Spammers are annoyingly everywhere. I get spam comments on my blog every day. Luckily most of them are caught by our spam filters, but every once in a while one or two get through. If I didn't have a way to protect my Web forms from spam I wouldn't put them up. As the volume of spam coming through them is so large that I could easily spend all day cleaning my website. And very quickly I wouldn't have a website.
Because of all this spam, in order to use forms on the Web, you have to do soemthing to help protect yourself from the spammers. There are several options:
- Don't put up forms
- Use automated filters
- Use manual filters
- Use CAPTCHAs
Below I'll examine each of these options.
Don't Use Forms
This is the simplest way to protect against form spam. Simply don't use forms. But if you need to interact with your readers you need to have some type of contact information on the page. Putting an email address on the page is a bad idea, but if you're not going to use HTML forms, then your only other option is a phone number. And many people won't pick up the phone if they are online. But if your business can support it, this is the best way to prevent spam - don't let it even start.
Use Automated and Manual Filters
Automated filters are done by computers while manual filters are done by you or another person. Automated filters work fine. They catch the majority of spam that comes through things like blog comments. But spammers are constantly trying to outwit them. So your spam filters need to be constantly updated and things will still get through.
Manual filters work even better, because you are making the decision yourself as to what will go live on your site. This is how most of my forms are handled on my site. I put them through an automated filter to get rid of the majority of the spammers and then weed out the rest by hand. If you get a lot of form entries, this can take a long time, but is the most effective way of preventing spammers from getting through. Remember however that this won't stop them from attacking, the attacks just won't show on your Web pages.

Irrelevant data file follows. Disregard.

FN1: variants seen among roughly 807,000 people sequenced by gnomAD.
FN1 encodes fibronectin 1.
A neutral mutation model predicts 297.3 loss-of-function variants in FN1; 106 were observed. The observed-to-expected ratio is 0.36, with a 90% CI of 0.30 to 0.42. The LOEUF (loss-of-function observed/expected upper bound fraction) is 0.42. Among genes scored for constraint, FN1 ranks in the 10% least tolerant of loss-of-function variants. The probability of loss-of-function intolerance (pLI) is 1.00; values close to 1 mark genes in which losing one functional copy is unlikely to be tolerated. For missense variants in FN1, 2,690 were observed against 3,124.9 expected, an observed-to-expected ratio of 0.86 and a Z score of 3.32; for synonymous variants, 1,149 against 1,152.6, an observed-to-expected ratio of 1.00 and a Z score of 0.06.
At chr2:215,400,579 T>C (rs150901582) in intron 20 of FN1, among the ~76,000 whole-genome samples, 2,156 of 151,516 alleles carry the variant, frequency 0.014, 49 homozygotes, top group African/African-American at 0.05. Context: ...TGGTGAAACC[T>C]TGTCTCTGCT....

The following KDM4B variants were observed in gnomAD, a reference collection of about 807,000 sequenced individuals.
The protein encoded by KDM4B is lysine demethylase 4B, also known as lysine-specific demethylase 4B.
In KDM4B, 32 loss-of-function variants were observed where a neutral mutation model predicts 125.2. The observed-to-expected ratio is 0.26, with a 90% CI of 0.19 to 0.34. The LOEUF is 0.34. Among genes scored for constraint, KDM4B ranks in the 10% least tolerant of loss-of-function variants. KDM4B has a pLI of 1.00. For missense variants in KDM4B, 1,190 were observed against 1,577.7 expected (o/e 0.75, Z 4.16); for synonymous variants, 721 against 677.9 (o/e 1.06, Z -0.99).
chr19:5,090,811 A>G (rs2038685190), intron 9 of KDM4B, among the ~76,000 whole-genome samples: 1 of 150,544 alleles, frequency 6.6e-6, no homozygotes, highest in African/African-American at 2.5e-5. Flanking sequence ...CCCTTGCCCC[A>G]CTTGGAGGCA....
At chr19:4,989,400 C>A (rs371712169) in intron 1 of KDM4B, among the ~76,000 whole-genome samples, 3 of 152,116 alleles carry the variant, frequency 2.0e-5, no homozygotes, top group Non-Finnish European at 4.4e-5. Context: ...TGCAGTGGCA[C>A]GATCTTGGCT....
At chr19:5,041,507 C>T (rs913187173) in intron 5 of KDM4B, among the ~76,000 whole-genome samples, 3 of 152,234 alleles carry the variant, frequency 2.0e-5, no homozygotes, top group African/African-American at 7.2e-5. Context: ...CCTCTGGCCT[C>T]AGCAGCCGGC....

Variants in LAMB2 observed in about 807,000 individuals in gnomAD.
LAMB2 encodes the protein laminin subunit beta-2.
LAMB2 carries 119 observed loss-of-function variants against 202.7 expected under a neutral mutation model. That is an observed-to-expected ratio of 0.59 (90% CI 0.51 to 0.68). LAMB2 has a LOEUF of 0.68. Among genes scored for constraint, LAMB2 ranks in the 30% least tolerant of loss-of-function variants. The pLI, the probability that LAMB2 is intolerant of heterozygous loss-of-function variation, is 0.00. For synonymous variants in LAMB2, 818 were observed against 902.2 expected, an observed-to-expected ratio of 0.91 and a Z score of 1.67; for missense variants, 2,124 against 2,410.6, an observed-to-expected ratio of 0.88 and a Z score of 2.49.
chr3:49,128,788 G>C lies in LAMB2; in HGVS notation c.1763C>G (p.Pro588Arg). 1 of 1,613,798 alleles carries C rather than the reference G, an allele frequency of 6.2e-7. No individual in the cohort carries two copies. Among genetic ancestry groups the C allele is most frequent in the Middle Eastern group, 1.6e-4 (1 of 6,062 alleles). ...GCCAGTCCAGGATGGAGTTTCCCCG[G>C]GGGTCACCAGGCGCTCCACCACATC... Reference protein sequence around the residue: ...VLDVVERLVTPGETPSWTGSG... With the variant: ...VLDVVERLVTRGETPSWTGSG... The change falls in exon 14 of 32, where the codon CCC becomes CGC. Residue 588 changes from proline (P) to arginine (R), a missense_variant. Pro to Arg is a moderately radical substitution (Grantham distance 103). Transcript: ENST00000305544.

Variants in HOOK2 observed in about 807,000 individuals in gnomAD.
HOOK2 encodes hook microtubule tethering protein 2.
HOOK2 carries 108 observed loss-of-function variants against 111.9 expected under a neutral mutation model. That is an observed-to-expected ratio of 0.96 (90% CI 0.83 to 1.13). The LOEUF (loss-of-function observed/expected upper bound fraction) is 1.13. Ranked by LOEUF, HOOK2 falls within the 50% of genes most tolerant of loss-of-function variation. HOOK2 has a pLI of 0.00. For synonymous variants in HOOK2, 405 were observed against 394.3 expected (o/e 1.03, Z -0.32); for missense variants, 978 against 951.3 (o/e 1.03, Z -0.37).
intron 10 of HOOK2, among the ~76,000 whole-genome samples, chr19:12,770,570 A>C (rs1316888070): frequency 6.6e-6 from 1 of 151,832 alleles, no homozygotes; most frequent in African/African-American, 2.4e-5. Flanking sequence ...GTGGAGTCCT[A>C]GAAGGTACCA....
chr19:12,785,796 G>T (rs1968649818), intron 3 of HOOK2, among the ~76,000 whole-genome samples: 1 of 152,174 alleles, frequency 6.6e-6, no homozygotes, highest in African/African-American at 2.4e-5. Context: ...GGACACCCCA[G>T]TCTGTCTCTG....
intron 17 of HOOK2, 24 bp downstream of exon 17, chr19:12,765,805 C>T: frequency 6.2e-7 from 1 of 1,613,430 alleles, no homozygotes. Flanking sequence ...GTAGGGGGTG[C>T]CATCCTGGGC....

A CAPTCHA is a visual image (usually of a series of characters) that are written in a strange font and are difficult to read. They are supposed to be impossible for a computer to read, but a human can read them. Then your readers read the text, fill in the correct letters, and their form is submitted.
CAPTCHAs don't work well for a couple reasons, not least of which is that they have been beaten and spammers will waste no time capitalizing on that. The other reason that CAPTCHAs are bad is because they block legitimate users from using your form. Many people find them very difficult to use. And if you've ever been blocked by a CAPTCHA that you're sure you're typing in correctly, you know how frustrating that can be. If the CAPTCHA is on a blog comment, that's one thing, but if it's on a support form that might result in more unhappy customers who become ex-customers. Which is bad.
One way that I like to fool spammers is to add CSS to forms to hide certain fields. When the spam bot comes in and reads the HTML, their bot sees that form field and fills it in. Then when I get the results any entries that have that field are automatically deleted. To do this use the display: none; property on the field. Web browsers will leave that form field completely off the page, but spam bots will see it in the HTML and fill it in.
Use a Combination of Methods
Spammers are always updating how their robots work, so for best results you should use a combination of methods to protect your forms. And don't get too frustrated when spam gets through. Just delete it and move on.